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Amy Myshrall and Timothy Brown doing transcription work at St Catherine's Monastery, Sinai.
Amy Myshrall and Timothy Brown doing transcription work at St Catherine's Monastery, Sinai.

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The transcription

Navigating the transcription

There are two ways of going to a particular place in the codex. The first is by means of ‘choose a passage’, by book, chapter and verse, which will take you to that place in the image and/or transcription. The second is by ‘choose a page’ which relates to the structure of the book. Codex Sinaiticus, like every properly constructed codex is divided into quires, consisting usually of four sheets folded in half. Each of these quires has a number, provided by the original production team. Each of the resultant eight leaves of each quire is called a folio, and has a number between one and eight. The right hand page is called the recto and is indicated with the abbreviation r, the reverse of it (the next left hand page) is the verso, indicated with v. Use the drop down menus to select the quire and folio that you want, and the white arrow to go to it. The next set of arrows allow you to go to the first, previous, next or final page.

Each page also has another identifier, its folio number in the library where it is held. This is given with the location in the pop-up box at the bottom of the image window.

The text

The transcription presents the text of the manuscript as it was created by the production team, including the layout, and indicates all subsequent corrections.

The transcription may be viewed in two different ways: ‘view by verse’ gives the text of each book, verse by verse; ‘view by page’ gives the text with its layout in the manuscript, with the page, column and line breaks and with most marginal material in place.

The ‘view by page’ transcription is chosen as the default, because the presentation is based upon the concept of being able to compare the image with the transcription.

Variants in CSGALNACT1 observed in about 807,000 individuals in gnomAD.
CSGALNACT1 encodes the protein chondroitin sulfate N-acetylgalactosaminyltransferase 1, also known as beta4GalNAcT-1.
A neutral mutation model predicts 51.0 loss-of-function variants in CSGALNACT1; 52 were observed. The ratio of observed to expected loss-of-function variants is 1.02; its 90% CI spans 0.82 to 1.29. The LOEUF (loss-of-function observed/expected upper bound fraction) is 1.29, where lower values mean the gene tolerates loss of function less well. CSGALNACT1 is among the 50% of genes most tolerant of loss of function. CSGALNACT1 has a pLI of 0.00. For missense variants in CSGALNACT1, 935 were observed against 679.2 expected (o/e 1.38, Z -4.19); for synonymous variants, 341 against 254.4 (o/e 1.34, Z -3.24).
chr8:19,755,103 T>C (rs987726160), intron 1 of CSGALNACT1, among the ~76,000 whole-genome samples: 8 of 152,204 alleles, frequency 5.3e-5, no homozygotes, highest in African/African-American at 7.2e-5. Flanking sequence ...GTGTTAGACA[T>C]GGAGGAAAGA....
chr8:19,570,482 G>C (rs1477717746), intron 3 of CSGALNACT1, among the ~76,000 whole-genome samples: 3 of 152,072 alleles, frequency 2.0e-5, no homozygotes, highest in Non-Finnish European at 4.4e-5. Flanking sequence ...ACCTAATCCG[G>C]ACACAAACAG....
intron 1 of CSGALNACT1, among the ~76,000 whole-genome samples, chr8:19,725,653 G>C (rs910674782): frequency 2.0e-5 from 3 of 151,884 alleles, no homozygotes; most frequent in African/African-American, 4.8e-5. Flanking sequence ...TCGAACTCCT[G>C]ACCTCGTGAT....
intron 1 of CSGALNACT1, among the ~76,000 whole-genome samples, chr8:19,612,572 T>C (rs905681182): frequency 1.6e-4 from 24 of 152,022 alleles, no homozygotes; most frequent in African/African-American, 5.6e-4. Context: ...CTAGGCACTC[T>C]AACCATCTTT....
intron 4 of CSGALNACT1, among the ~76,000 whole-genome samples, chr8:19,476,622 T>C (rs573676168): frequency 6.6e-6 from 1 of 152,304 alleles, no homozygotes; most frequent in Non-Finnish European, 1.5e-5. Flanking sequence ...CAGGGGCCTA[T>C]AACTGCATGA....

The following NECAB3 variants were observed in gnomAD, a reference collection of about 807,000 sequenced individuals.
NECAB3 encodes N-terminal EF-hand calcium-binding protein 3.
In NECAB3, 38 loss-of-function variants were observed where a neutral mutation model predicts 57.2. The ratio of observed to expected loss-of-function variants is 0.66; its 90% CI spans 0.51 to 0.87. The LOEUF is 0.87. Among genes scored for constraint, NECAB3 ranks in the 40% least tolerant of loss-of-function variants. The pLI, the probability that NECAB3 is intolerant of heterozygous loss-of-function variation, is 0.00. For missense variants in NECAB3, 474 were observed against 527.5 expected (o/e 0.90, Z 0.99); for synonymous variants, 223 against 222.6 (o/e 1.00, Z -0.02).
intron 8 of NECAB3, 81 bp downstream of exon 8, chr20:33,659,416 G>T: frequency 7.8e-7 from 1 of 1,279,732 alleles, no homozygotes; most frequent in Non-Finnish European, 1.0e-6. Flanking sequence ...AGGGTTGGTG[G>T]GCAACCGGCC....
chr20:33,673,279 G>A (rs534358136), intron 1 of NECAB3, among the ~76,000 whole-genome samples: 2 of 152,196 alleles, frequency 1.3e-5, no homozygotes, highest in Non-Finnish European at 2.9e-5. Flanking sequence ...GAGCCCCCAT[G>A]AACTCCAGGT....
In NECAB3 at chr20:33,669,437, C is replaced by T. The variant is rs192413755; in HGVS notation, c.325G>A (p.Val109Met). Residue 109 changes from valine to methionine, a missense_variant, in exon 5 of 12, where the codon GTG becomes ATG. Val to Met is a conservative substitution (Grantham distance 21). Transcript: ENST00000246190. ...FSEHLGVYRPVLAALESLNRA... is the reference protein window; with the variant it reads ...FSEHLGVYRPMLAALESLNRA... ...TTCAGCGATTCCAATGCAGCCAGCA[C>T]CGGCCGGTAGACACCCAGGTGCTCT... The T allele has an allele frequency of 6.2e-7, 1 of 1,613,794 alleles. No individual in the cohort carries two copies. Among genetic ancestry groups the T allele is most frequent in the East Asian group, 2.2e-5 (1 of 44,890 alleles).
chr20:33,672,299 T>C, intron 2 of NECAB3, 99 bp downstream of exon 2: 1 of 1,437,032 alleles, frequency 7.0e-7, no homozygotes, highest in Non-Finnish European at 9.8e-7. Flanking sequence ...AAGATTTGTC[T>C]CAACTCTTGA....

Both transcription views present corrected text in the same way. Where a correction has been made, its presence is shown by blue text. If the correction adds previously absent text, a blue T indicates where it is provided. Running the cursor over the blue text or blue T opens a box in which the different stages of the text are indicated.

It may be helpful to know that there are four types of correction:

  • addition of text
  • deletion of text
  • substitution of one wording for another (changes in spelling technically belong here, although they may also be taken as a separate class of generally less significant readings)
  • changing the order of two or more words

More than one of these types can occur at any one place, and sometimes two or more correctors have made one or more types of change. The great majority of corrections in Codex Sinaiticus are changes to the spelling.

The correctors are given the following indicators.

Production of the manuscript

This consists of copying by one of the scribes, and revision, by the scribe or by someone else.

* the text first written by the scribe (information about the scribe of any particular page is provided in the pop-up box at the bottom of the window)
S1 a correction made in the production process, as part of the revision of the text after it had been copied, or a correction by the scribe in the copying process. These cannot always be distinguished
A Scribe A
B Scribe B. As a result of this transcription evidence has emerged that this scribe’s pages may be the work of two scribes: